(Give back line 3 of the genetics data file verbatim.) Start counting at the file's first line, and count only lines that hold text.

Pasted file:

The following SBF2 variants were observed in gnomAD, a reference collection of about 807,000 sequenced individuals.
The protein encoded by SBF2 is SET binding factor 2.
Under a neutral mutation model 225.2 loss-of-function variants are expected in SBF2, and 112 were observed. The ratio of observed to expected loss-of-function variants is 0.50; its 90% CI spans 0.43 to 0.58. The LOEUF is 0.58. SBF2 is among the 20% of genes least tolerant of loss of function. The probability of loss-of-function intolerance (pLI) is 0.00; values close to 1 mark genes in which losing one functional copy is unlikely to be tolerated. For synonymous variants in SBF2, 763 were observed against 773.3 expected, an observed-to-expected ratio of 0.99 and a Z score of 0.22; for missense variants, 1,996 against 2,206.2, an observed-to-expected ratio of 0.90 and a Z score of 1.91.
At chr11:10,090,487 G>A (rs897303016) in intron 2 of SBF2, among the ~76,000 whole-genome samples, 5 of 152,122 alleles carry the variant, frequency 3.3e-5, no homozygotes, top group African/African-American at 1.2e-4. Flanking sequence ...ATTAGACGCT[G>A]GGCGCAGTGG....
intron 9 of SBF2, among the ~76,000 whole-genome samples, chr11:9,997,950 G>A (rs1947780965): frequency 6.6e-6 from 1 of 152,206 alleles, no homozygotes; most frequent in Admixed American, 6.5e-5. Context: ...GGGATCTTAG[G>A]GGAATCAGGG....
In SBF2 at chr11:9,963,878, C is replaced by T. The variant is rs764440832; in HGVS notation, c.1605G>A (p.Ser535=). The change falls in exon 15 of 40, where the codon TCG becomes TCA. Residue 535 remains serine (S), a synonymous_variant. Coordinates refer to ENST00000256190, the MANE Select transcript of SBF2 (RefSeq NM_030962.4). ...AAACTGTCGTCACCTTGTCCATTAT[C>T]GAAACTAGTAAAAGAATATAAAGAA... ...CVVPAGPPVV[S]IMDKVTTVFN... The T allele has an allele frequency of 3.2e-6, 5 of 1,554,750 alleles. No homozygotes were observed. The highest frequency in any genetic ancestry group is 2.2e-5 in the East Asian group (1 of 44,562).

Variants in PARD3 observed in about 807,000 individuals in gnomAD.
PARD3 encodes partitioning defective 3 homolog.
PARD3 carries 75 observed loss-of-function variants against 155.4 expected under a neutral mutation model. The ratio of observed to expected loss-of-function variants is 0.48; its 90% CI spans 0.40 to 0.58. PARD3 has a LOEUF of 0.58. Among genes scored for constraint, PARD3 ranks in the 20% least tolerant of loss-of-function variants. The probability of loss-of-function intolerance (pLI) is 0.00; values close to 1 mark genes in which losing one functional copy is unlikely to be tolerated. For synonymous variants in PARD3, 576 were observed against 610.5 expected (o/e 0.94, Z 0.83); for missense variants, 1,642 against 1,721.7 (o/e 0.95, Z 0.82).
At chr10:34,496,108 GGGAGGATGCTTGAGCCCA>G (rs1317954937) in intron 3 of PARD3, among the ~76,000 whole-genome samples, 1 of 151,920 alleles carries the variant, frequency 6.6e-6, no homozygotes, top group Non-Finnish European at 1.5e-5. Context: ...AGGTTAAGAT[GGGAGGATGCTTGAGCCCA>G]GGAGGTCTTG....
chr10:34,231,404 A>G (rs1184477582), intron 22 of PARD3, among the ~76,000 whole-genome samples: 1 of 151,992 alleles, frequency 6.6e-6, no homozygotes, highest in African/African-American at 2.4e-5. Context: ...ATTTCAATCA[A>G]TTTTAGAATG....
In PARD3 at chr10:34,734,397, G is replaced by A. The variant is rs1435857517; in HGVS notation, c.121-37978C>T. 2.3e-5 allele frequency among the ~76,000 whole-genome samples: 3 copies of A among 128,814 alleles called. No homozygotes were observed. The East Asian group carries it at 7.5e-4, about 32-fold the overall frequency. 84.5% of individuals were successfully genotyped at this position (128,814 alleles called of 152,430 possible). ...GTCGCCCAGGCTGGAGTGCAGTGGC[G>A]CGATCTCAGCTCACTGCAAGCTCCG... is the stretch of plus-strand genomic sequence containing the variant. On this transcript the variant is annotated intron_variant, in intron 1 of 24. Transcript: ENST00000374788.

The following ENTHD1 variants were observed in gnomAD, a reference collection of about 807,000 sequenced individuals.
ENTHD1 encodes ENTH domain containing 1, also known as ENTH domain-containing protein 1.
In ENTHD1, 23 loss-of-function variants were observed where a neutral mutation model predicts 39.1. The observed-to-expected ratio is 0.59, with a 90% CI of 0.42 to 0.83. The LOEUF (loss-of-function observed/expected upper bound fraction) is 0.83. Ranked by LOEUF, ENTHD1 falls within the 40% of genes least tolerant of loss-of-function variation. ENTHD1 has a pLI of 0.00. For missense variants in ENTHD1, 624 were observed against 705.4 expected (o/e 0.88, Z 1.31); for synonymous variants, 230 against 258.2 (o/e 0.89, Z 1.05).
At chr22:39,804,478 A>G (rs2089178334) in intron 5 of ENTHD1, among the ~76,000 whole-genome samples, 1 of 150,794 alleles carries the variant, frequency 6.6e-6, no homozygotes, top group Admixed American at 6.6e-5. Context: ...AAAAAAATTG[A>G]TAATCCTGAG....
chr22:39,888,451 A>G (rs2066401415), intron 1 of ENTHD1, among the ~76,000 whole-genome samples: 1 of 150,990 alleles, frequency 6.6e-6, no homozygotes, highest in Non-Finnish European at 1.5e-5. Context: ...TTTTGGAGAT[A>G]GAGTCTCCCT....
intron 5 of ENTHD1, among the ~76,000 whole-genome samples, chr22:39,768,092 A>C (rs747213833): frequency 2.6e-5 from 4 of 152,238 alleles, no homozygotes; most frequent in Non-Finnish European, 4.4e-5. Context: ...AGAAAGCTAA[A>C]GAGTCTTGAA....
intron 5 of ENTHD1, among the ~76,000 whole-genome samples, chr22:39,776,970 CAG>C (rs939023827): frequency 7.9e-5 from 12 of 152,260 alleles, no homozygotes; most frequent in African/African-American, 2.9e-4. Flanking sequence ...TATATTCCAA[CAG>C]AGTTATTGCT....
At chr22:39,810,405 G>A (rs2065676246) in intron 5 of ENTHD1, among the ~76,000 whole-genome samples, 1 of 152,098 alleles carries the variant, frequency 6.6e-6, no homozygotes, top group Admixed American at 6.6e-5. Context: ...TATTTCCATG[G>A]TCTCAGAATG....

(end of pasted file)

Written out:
Under a neutral mutation model 225.2 loss-of-function variants are expected in SBF2, and 112 were observed. The ratio of observed to expected loss-of-function variants is 0.50; its 90% CI spans 0.43 to 0.58. The LOEUF is 0.58. SBF2 is among the 20% of genes least tolerant of loss of function. The probability of loss-of-function intolerance (pLI) is 0.00; values close to 1 mark genes in which losing one functional copy is unlikely to be tolerated. For synonymous variants in SBF2, 763 were observed against 773.3 expected, an observed-to-expected ratio of 0.99 and a Z score of 0.22; for missense variants, 1,996 against 2,206.2, an observed-to-expected ratio of 0.90 and a Z score of 1.91.